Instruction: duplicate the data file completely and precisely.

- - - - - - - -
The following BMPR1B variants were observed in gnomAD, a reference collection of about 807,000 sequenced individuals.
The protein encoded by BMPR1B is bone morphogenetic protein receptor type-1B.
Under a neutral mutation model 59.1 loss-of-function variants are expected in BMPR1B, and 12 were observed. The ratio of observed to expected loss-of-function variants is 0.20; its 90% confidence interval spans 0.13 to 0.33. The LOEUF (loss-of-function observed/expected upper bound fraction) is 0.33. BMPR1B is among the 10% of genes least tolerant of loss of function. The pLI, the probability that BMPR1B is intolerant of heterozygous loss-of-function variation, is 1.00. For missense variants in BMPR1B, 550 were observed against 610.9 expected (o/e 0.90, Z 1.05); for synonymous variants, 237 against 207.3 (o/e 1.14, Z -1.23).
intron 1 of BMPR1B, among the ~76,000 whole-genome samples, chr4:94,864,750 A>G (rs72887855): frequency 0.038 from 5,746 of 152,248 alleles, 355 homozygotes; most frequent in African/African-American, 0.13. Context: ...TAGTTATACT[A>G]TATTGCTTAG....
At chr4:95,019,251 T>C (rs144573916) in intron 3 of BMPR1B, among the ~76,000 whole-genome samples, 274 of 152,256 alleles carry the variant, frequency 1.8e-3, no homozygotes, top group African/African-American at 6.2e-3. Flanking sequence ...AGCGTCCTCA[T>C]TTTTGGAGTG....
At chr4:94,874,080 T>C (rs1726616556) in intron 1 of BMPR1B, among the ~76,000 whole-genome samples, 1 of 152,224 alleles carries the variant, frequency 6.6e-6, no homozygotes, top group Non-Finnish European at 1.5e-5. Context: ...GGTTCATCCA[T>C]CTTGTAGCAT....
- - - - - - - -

The following BMPR1B variants were observed in gnomAD, a reference collection of about 807,000 sequenced individuals.
The protein encoded by BMPR1B is bone morphogenetic protein receptor type-1B.
Under a neutral mutation model 59.1 loss-of-function variants are expected in BMPR1B, and 12 were observed. The ratio of observed to expected loss-of-function variants is 0.20; its 90% confidence interval spans 0.13 to 0.33. The LOEUF (loss-of-function observed/expected upper bound fraction) is 0.33. BMPR1B is among the 10% of genes least tolerant of loss of function. The pLI, the probability that BMPR1B is intolerant of heterozygous loss-of-function variation, is 1.00. For missense variants in BMPR1B, 550 were observed against 610.9 expected (o/e 0.90, Z 1.05); for synonymous variants, 237 against 207.3 (o/e 1.14, Z -1.23).
intron 1 of BMPR1B, among the ~76,000 whole-genome samples, chr4:94,864,750 A>G (rs72887855): frequency 0.038 from 5,746 of 152,248 alleles, 355 homozygotes; most frequent in African/African-American, 0.13. Context: ...TAGTTATACT[A>G]TATTGCTTAG....
At chr4:95,019,251 T>C (rs144573916) in intron 3 of BMPR1B, among the ~76,000 whole-genome samples, 274 of 152,256 alleles carry the variant, frequency 1.8e-3, no homozygotes, top group African/African-American at 6.2e-3. Flanking sequence ...AGCGTCCTCA[T>C]TTTTGGAGTG....
At chr4:94,874,080 T>C (rs1726616556) in intron 1 of BMPR1B, among the ~76,000 whole-genome samples, 1 of 152,224 alleles carries the variant, frequency 6.6e-6, no homozygotes, top group Non-Finnish European at 1.5e-5. Context: ...GGTTCATCCA[T>C]CTTGTAGCAT....